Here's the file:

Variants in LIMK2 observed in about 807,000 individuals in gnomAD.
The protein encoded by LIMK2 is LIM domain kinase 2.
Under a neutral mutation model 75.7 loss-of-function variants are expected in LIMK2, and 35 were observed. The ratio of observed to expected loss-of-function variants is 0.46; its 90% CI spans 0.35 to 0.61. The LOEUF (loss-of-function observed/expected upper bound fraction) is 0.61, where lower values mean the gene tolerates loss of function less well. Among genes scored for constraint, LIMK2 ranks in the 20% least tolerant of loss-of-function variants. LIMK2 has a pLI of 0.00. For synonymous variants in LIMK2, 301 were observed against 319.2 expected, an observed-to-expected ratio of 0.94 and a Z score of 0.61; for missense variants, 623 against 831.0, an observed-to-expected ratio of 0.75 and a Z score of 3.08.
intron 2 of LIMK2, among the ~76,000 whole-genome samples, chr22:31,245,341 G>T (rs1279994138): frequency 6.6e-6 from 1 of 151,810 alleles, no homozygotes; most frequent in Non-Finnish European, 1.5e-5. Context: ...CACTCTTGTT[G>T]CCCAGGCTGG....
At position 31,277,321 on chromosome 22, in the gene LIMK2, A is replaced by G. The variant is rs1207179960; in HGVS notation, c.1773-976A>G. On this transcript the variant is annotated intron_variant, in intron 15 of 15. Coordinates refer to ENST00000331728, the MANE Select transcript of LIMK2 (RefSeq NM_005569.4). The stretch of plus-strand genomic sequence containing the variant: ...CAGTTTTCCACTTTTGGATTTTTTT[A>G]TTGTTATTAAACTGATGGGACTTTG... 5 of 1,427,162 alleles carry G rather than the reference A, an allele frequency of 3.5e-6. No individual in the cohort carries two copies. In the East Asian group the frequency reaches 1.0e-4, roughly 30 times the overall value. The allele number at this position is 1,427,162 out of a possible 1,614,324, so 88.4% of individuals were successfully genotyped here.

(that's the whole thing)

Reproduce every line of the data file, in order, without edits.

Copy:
Variants in LIMK2 observed in about 807,000 individuals in gnomAD.
The protein encoded by LIMK2 is LIM domain kinase 2.
Under a neutral mutation model 75.7 loss-of-function variants are expected in LIMK2, and 35 were observed. The ratio of observed to expected loss-of-function variants is 0.46; its 90% CI spans 0.35 to 0.61. The LOEUF (loss-of-function observed/expected upper bound fraction) is 0.61, where lower values mean the gene tolerates loss of function less well. Among genes scored for constraint, LIMK2 ranks in the 20% least tolerant of loss-of-function variants. LIMK2 has a pLI of 0.00. For synonymous variants in LIMK2, 301 were observed against 319.2 expected, an observed-to-expected ratio of 0.94 and a Z score of 0.61; for missense variants, 623 against 831.0, an observed-to-expected ratio of 0.75 and a Z score of 3.08.
intron 2 of LIMK2, among the ~76,000 whole-genome samples, chr22:31,245,341 G>T (rs1279994138): frequency 6.6e-6 from 1 of 151,810 alleles, no homozygotes; most frequent in Non-Finnish European, 1.5e-5. Context: ...CACTCTTGTT[G>T]CCCAGGCTGG....
At position 31,277,321 on chromosome 22, in the gene LIMK2, A is replaced by G. The variant is rs1207179960; in HGVS notation, c.1773-976A>G. On this transcript the variant is annotated intron_variant, in intron 15 of 15. Coordinates refer to ENST00000331728, the MANE Select transcript of LIMK2 (RefSeq NM_005569.4). The stretch of plus-strand genomic sequence containing the variant: ...CAGTTTTCCACTTTTGGATTTTTTT[A>G]TTGTTATTAAACTGATGGGACTTTG... 5 of 1,427,162 alleles carry G rather than the reference A, an allele frequency of 3.5e-6. No individual in the cohort carries two copies. In the East Asian group the frequency reaches 1.0e-4, roughly 30 times the overall value. The allele number at this position is 1,427,162 out of a possible 1,614,324, so 88.4% of individuals were successfully genotyped here.